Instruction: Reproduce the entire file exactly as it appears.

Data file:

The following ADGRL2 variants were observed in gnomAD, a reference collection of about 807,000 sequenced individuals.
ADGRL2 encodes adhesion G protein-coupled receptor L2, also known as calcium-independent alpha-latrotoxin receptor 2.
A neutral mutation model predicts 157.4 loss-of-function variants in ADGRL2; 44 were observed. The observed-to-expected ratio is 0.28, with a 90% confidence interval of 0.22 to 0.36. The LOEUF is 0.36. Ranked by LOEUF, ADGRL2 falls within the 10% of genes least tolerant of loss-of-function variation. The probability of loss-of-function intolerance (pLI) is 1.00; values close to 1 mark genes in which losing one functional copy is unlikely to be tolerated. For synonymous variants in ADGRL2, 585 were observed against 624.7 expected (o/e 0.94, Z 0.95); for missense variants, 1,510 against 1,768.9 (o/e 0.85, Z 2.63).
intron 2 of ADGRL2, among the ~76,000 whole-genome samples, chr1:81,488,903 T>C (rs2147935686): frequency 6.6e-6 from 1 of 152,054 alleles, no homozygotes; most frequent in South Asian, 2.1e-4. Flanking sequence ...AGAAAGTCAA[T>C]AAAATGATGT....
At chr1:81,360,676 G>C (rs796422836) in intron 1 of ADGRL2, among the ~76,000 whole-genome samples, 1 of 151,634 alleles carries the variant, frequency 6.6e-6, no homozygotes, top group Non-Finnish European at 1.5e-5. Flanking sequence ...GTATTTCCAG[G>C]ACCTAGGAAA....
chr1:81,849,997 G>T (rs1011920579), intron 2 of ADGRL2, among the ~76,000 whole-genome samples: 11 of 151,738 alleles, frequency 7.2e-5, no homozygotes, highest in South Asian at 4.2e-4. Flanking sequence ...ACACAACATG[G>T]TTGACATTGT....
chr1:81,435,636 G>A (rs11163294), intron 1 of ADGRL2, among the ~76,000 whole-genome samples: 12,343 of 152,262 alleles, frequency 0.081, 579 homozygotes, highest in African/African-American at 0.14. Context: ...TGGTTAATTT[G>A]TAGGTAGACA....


The following ADGRL2 variants were observed in gnomAD, a reference collection of about 807,000 sequenced individuals.
ADGRL2 encodes adhesion G protein-coupled receptor L2, also known as calcium-independent alpha-latrotoxin receptor 2.
A neutral mutation model predicts 157.4 loss-of-function variants in ADGRL2; 44 were observed. The observed-to-expected ratio is 0.28, with a 90% confidence interval of 0.22 to 0.36. The LOEUF is 0.36. Ranked by LOEUF, ADGRL2 falls within the 10% of genes least tolerant of loss-of-function variation. The probability of loss-of-function intolerance (pLI) is 1.00; values close to 1 mark genes in which losing one functional copy is unlikely to be tolerated. For synonymous variants in ADGRL2, 585 were observed against 624.7 expected (o/e 0.94, Z 0.95); for missense variants, 1,510 against 1,768.9 (o/e 0.85, Z 2.63).
intron 2 of ADGRL2, among the ~76,000 whole-genome samples, chr1:81,488,903 T>C (rs2147935686): frequency 6.6e-6 from 1 of 152,054 alleles, no homozygotes; most frequent in South Asian, 2.1e-4. Flanking sequence ...AGAAAGTCAA[T>C]AAAATGATGT....
At chr1:81,360,676 G>C (rs796422836) in intron 1 of ADGRL2, among the ~76,000 whole-genome samples, 1 of 151,634 alleles carries the variant, frequency 6.6e-6, no homozygotes, top group Non-Finnish European at 1.5e-5. Flanking sequence ...GTATTTCCAG[G>C]ACCTAGGAAA....
chr1:81,849,997 G>T (rs1011920579), intron 2 of ADGRL2, among the ~76,000 whole-genome samples: 11 of 151,738 alleles, frequency 7.2e-5, no homozygotes, highest in South Asian at 4.2e-4. Flanking sequence ...ACACAACATG[G>T]TTGACATTGT....
chr1:81,435,636 G>A (rs11163294), intron 1 of ADGRL2, among the ~76,000 whole-genome samples: 12,343 of 152,262 alleles, frequency 0.081, 579 homozygotes, highest in African/African-American at 0.14. Context: ...TGGTTAATTT[G>A]TAGGTAGACA....